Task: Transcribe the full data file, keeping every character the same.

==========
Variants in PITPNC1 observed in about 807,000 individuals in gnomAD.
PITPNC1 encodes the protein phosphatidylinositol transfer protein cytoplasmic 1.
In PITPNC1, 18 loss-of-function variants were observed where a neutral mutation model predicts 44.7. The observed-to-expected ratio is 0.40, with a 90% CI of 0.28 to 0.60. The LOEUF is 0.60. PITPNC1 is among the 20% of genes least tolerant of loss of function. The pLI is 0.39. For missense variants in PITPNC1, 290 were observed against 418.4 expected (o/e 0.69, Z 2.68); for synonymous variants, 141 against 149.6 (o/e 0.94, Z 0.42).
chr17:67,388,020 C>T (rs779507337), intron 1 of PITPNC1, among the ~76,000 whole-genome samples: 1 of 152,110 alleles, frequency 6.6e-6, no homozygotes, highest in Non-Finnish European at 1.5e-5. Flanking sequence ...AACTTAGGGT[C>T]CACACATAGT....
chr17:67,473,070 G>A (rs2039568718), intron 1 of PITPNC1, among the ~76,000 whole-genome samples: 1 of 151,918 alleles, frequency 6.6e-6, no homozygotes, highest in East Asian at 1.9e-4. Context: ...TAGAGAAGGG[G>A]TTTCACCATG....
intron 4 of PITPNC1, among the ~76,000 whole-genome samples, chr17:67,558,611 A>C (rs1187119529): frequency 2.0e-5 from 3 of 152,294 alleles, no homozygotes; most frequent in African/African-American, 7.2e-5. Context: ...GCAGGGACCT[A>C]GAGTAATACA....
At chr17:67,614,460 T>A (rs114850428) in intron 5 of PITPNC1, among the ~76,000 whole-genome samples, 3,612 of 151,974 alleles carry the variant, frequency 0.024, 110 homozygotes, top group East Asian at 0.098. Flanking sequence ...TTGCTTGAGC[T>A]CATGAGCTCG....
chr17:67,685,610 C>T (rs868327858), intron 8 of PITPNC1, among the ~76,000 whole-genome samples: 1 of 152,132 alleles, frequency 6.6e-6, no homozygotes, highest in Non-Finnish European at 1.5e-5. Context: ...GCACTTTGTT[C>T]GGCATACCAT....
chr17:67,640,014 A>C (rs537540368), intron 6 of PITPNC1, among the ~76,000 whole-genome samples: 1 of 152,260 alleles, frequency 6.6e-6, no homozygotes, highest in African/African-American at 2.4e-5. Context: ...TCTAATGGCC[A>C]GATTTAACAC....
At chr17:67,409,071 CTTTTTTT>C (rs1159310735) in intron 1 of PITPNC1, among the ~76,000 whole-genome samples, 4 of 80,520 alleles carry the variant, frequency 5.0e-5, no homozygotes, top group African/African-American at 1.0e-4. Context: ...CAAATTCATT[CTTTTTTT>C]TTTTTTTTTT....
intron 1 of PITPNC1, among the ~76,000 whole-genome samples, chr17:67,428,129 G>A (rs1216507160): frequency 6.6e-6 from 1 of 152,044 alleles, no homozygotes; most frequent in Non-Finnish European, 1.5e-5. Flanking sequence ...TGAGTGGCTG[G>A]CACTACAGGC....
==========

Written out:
Variants in PITPNC1 observed in about 807,000 individuals in gnomAD.
PITPNC1 encodes the protein phosphatidylinositol transfer protein cytoplasmic 1.
In PITPNC1, 18 loss-of-function variants were observed where a neutral mutation model predicts 44.7. The observed-to-expected ratio is 0.40, with a 90% CI of 0.28 to 0.60. The LOEUF is 0.60. PITPNC1 is among the 20% of genes least tolerant of loss of function. The pLI is 0.39. For missense variants in PITPNC1, 290 were observed against 418.4 expected (o/e 0.69, Z 2.68); for synonymous variants, 141 against 149.6 (o/e 0.94, Z 0.42).
chr17:67,388,020 C>T (rs779507337), intron 1 of PITPNC1, among the ~76,000 whole-genome samples: 1 of 152,110 alleles, frequency 6.6e-6, no homozygotes, highest in Non-Finnish European at 1.5e-5. Flanking sequence ...AACTTAGGGT[C>T]CACACATAGT....
chr17:67,473,070 G>A (rs2039568718), intron 1 of PITPNC1, among the ~76,000 whole-genome samples: 1 of 151,918 alleles, frequency 6.6e-6, no homozygotes, highest in East Asian at 1.9e-4. Context: ...TAGAGAAGGG[G>A]TTTCACCATG....
intron 4 of PITPNC1, among the ~76,000 whole-genome samples, chr17:67,558,611 A>C (rs1187119529): frequency 2.0e-5 from 3 of 152,294 alleles, no homozygotes; most frequent in African/African-American, 7.2e-5. Context: ...GCAGGGACCT[A>C]GAGTAATACA....
At chr17:67,614,460 T>A (rs114850428) in intron 5 of PITPNC1, among the ~76,000 whole-genome samples, 3,612 of 151,974 alleles carry the variant, frequency 0.024, 110 homozygotes, top group East Asian at 0.098. Flanking sequence ...TTGCTTGAGC[T>A]CATGAGCTCG....
chr17:67,685,610 C>T (rs868327858), intron 8 of PITPNC1, among the ~76,000 whole-genome samples: 1 of 152,132 alleles, frequency 6.6e-6, no homozygotes, highest in Non-Finnish European at 1.5e-5. Context: ...GCACTTTGTT[C>T]GGCATACCAT....
chr17:67,640,014 A>C (rs537540368), intron 6 of PITPNC1, among the ~76,000 whole-genome samples: 1 of 152,260 alleles, frequency 6.6e-6, no homozygotes, highest in African/African-American at 2.4e-5. Context: ...TCTAATGGCC[A>C]GATTTAACAC....
At chr17:67,409,071 CTTTTTTT>C (rs1159310735) in intron 1 of PITPNC1, among the ~76,000 whole-genome samples, 4 of 80,520 alleles carry the variant, frequency 5.0e-5, no homozygotes, top group African/African-American at 1.0e-4. Context: ...CAAATTCATT[CTTTTTTT>C]TTTTTTTTTT....
intron 1 of PITPNC1, among the ~76,000 whole-genome samples, chr17:67,428,129 G>A (rs1216507160): frequency 6.6e-6 from 1 of 152,044 alleles, no homozygotes; most frequent in Non-Finnish European, 1.5e-5. Flanking sequence ...TGAGTGGCTG[G>A]CACTACAGGC....